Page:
Author: life-china

他妈的: How to Drop the F-Word Properly in Chinese

In this week's Mandarin Monday, we'll focus on what we all need to know for those emergency situations where polite talk just doesn't do the trick: profanity. While we don't suggest that you drop f-bombs in every sentence from now on, sometimes you do need a word that stops people in their tracks and raises a couple of eyebrows. First, the basics. “F*ck” (the verb) can be directly translated into Chinese as 操 (cào), but honestly that's only for the most extreme of circumstances. A slightly more polite term to use instead is 他妈的 (tā mā de), literally "his mother."...

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Taking the Train? China Has Some New Rules to Follow

If you’ve ever boarded a train in China, you don’t need a reminder of the security checks as you enter the station – not to mention the checking of health codes and test results during the COVID age.  Well, China has just made a few changes to rules regarding certain luggage items. The National Railway Administration of the People’s Republic of China announced that the changes will come into effect on July 1.  Here are the changes you should be aware of:  Alcoholic Drinks Must be in a sealed container and clearly labeled  Drinks 24%-70% alcohol cannot exceed total...

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Are Chinese Consumers Ditching Sweet Treats?

The pandemic has disrupted our plans for, well, almost everything, and for many, it has even led to a change of profession. For Heimi (who requested we refer to her by her business pseudonym), a scriptwriter with nearly a decade of professional experience, COVID-19 brought about a new relationship… with bread. “As someone who studies art, scripts are a medium of self-expression. Bread is also my self-expression,” Heimi, a 31-year-old home baker, tells That’s from her home in Beijing.  “I was abroad when Wuhan first reported the COVID-19 outbreak,” Heimi says. “After I came back home, the whole [film]...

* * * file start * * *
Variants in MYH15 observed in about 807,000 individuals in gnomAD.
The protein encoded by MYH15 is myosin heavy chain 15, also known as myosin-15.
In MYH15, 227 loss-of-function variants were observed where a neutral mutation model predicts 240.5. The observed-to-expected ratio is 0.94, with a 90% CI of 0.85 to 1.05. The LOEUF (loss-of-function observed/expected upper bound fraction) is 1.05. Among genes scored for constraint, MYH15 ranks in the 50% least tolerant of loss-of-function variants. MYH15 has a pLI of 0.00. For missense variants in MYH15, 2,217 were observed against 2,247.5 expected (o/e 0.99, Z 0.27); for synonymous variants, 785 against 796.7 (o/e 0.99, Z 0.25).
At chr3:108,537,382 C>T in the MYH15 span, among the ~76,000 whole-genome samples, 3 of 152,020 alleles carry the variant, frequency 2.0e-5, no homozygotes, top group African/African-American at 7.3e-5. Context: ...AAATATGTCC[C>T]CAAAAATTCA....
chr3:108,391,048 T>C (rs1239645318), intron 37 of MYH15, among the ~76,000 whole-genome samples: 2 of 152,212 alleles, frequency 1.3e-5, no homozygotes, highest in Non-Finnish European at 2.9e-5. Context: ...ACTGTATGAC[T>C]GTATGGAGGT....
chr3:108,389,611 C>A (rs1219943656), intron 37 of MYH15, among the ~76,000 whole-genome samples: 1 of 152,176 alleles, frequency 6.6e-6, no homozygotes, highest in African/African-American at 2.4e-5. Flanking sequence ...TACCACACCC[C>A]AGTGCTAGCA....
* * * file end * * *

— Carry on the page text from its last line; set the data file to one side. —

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How Folk Music United Post-COVID-19 Beijing

Back in May 2020, when Beijing was recovering from the first pandemic wave, Claire Courtney set about putting on the first Jing and Tonic after witnessing the devastating effects COVID-19 had on live houses and bars. It was a variety show filled with comedians, magicians, music acts and a whole lot more. The 30-year-old was working as an English teacher in China’s capital at the time and had only just started to earn her stripes in the city’s music scene after testing the water at a few open mics. While Courtney’s performance talents would come to fruition a bit...

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Shanghai Records Hottest Day Since 1873

Shanghai's temperature reached 40.9 degrees Celsius yesterday, Wednesday, July 13 – the highest since 1873. Shanghai has been scorching for nine straight days, with yesterday the 14th high-temperature day of the year – one that goes over 35 degrees. In response, meteorological authorities issued this year's second red heatwave alert, the highest in their three-color scheme. Image via WeChat Don't expect respite from the heat any time soon, either; today's forecast high is 40 degrees. And, while the subtropical high is set to move south towards the weekend, temperatures will only drop to a still-sweltering 35 degrees. [Cover image via...

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